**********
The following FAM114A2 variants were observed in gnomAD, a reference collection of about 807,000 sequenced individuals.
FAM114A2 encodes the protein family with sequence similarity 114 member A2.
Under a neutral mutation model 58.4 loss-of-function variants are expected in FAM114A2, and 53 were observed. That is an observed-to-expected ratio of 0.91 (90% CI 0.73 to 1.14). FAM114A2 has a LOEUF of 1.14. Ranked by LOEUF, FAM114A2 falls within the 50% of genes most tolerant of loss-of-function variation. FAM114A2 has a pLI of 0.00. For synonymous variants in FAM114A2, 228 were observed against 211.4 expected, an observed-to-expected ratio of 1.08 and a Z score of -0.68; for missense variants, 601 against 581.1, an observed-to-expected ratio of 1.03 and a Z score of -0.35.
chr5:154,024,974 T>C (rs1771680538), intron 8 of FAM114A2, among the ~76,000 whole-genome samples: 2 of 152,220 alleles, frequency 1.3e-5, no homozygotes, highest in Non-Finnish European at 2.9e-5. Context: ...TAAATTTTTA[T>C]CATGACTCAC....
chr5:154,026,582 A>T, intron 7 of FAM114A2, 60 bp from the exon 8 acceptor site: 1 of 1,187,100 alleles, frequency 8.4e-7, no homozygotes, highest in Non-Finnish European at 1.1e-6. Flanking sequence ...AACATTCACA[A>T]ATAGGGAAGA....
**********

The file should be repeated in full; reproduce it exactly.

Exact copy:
The following FAM114A2 variants were observed in gnomAD, a reference collection of about 807,000 sequenced individuals.
FAM114A2 encodes the protein family with sequence similarity 114 member A2.
Under a neutral mutation model 58.4 loss-of-function variants are expected in FAM114A2, and 53 were observed. That is an observed-to-expected ratio of 0.91 (90% CI 0.73 to 1.14). FAM114A2 has a LOEUF of 1.14. Ranked by LOEUF, FAM114A2 falls within the 50% of genes most tolerant of loss-of-function variation. FAM114A2 has a pLI of 0.00. For synonymous variants in FAM114A2, 228 were observed against 211.4 expected, an observed-to-expected ratio of 1.08 and a Z score of -0.68; for missense variants, 601 against 581.1, an observed-to-expected ratio of 1.03 and a Z score of -0.35.
chr5:154,024,974 T>C (rs1771680538), intron 8 of FAM114A2, among the ~76,000 whole-genome samples: 2 of 152,220 alleles, frequency 1.3e-5, no homozygotes, highest in Non-Finnish European at 2.9e-5. Context: ...TAAATTTTTA[T>C]CATGACTCAC....
chr5:154,026,582 A>T, intron 7 of FAM114A2, 60 bp from the exon 8 acceptor site: 1 of 1,187,100 alleles, frequency 8.4e-7, no homozygotes, highest in Non-Finnish European at 1.1e-6. Flanking sequence ...AACATTCACA[A>T]ATAGGGAAGA....